Greenburg, S.; Petersen, J.; Hansen-Peters, I.; Baylinson, W. (Northwest Tumor Institute, Seattle, WA (USA))

1990-11-01

300

Use of Gold Markers for Setup in Image-Guided Fractionated High-Dose-Rate Brachytherapy as a Monotherapy for Prostate Cancer  

Microsoft Academic Search

\\u000a \\u000a Background and Purpose:\\u000a   In order to use a single implant with one treatment plan in fractionated high-dose-rate brachytherapy (HDR-B), applicator\\u000a position shifts must be corrected prior to each fraction. The authors investigated the use of gold markers for X-ray-based\\u000a setup and position control between the single fractions.\\u000a \\u000a \\u000a \\u000a \\u000a Patients and Methods:\\u000a   Caudad-cephalad movement of the applicators prior to each HDR-B fraction

Pirus Ghadjar; Nicole Gwerder; Axel Madlung; Frank Behrensmeier; George N. Thalmann; Roberto Mini; Daniel M. Aebersold

2009-01-01

301

The relationship between the biochemical control outcomes and the quality of planning of high-dose rate brachytherapy as a boost to external beam radiotherapy for locally and locally advanced prostate cancer using the RTOG-ASTRO Phoenix definition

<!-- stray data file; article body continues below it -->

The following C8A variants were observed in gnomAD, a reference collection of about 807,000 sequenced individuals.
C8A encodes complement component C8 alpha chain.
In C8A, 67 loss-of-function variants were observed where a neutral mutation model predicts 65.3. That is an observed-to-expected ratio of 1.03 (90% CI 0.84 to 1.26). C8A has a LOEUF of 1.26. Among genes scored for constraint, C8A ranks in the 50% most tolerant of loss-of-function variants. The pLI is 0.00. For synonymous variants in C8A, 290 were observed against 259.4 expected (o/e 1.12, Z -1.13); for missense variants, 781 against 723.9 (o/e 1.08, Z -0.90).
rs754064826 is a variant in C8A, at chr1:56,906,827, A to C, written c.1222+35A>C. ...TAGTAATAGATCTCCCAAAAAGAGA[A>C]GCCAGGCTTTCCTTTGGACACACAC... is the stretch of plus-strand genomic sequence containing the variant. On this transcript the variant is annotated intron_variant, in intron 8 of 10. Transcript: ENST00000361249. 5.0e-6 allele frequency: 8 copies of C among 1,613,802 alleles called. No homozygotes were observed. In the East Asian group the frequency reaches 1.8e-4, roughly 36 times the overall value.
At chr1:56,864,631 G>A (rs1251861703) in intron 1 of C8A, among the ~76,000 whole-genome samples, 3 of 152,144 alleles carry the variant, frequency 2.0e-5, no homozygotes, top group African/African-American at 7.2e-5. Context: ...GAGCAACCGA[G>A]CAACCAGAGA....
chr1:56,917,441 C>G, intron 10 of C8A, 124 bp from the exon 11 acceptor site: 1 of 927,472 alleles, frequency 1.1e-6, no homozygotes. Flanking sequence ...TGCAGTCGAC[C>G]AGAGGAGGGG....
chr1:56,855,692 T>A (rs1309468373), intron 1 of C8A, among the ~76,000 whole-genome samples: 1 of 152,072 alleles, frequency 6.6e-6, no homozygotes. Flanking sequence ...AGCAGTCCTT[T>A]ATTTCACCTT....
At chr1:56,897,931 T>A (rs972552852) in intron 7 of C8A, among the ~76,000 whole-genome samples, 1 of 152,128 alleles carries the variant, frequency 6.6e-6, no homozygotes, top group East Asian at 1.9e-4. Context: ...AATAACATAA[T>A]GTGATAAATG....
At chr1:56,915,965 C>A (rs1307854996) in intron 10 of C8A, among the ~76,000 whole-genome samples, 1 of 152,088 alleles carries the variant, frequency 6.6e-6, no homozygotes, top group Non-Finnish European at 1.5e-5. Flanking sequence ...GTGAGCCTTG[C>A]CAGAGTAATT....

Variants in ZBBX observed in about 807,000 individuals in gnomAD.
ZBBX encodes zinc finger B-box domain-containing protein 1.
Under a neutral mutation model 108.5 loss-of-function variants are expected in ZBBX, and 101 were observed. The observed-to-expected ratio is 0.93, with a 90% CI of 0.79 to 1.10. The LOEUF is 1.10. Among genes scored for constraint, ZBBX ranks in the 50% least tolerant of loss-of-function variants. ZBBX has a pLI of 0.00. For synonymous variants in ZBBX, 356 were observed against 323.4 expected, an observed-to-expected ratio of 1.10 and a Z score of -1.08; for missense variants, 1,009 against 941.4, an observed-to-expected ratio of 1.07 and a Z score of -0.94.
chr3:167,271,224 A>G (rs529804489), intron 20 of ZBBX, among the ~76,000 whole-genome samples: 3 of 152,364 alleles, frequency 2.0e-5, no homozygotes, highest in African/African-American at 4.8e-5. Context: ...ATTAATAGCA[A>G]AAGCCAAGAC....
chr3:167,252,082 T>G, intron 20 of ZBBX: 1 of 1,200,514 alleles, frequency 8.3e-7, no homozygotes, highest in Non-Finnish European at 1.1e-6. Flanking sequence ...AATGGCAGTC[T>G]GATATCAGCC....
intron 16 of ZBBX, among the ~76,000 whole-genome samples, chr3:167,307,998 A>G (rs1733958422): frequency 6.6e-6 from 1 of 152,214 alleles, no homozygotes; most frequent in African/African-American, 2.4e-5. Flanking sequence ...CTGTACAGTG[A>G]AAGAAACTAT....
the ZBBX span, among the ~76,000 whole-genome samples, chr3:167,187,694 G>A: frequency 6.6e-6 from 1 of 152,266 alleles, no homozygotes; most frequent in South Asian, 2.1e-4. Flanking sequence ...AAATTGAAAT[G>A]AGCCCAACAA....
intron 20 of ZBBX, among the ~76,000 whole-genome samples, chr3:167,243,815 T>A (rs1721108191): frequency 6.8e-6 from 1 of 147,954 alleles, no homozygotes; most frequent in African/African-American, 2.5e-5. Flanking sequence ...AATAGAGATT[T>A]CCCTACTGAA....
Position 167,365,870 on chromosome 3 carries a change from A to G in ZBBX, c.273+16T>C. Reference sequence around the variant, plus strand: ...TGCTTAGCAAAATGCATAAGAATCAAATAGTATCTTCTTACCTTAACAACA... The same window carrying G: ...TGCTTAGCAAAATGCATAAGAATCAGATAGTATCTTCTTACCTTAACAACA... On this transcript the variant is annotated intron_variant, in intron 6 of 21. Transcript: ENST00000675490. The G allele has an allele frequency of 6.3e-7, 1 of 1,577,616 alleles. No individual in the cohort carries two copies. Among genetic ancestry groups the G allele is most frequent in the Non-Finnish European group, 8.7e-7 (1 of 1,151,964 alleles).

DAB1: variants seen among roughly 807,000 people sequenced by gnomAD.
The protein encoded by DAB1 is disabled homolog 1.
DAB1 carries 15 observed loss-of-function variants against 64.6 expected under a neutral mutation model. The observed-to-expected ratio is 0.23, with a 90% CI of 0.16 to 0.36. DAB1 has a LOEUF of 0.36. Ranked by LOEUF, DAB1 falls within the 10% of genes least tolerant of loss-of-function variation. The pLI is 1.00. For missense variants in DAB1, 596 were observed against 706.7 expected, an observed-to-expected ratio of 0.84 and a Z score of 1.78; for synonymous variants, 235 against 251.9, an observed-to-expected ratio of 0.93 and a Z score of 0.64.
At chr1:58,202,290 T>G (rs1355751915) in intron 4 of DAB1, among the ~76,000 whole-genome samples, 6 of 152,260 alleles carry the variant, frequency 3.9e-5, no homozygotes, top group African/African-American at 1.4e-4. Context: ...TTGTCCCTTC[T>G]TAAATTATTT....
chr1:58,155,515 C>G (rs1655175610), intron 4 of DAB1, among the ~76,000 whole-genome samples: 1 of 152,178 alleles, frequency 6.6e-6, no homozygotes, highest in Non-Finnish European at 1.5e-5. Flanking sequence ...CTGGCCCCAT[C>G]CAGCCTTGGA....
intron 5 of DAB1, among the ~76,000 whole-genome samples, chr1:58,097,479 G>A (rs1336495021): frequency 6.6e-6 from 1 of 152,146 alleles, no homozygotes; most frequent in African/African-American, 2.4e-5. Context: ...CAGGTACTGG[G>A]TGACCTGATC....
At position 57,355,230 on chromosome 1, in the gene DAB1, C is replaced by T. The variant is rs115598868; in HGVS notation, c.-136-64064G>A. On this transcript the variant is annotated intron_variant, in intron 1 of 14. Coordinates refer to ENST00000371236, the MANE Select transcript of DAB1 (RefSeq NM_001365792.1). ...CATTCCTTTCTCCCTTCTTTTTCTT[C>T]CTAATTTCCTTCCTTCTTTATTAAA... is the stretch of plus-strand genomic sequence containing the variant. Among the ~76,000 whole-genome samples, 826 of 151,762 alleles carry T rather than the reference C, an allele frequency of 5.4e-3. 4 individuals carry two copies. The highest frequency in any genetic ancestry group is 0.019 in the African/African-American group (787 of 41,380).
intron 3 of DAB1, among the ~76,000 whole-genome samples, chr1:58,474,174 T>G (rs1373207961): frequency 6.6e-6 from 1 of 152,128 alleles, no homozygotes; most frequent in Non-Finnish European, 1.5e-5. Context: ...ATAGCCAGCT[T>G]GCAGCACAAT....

PubMed Central

Purpose: To evaluated prognostic factors and impact of the quality of planning of high dose rate brachytherapy (HDR-BT) for patients with local or locally advanced prostate cancer treated with external beam radiotherapy (EBRT) and HDR-BT. Methods and Materials: Between 1997 and 2005, 209 patients with biopsy proven prostate adenocarcinoma were treated with localized EBRT and HDR-BT at the Department of Radiation-Oncology, Hospital A. C. Camargo, Sao Paulo, Brazil. Patient's age, Gleason score (GS), clinical stage (CS), initial PSA (iPSA), risk group for biochemical failure (GR), doses of EBRT and HDR-BT, use of three-dimensional planning for HDR-BT (3DHDR) and the Biological Effective Dose (BED) were evaluated as prognostic factors for biochemical control (bC). Results: Median age and median follow-up time were 68 and 5.3 years, respectively. Median EBRT and HDR-BT doses were 45 Gy and 20 Gy. The crude bC at 3.3 year was 94.2%. For the Low, intermediate and high risk patients the bC rates at 3.3 years were 91.5%, 90.2% and 88.5%, respectively. Overall survival (OS) and disease specific survival rates at 3.3 years were 97.8% and 98.4%, respectively. On univariate analysis the prognostic factors related bC were GR (p= 0.040), GS ? 6 (p= 0.002), total dose of HDR-BT ? 20 Gy (p< 0.001), 3DHDR (p< 0.001), BED-HDR ? 99 Gy1.5 (p<0.001) and BED-TT ? 185 (p<0.001). On multivariate analysis the statistical significant predictive factors related to bC were RG (p< 0.001), HDR-BT ? 20 Gy (p=0.008) and 3DHDR (p<0.001). Conclusions: we observed that the bC rates correlates with the generally accepted risk factors described in the literature. Dose escalation, evaluated through the BED, and the quality of planning of HDR-BT are also important predictive factors when treating prostate cancer.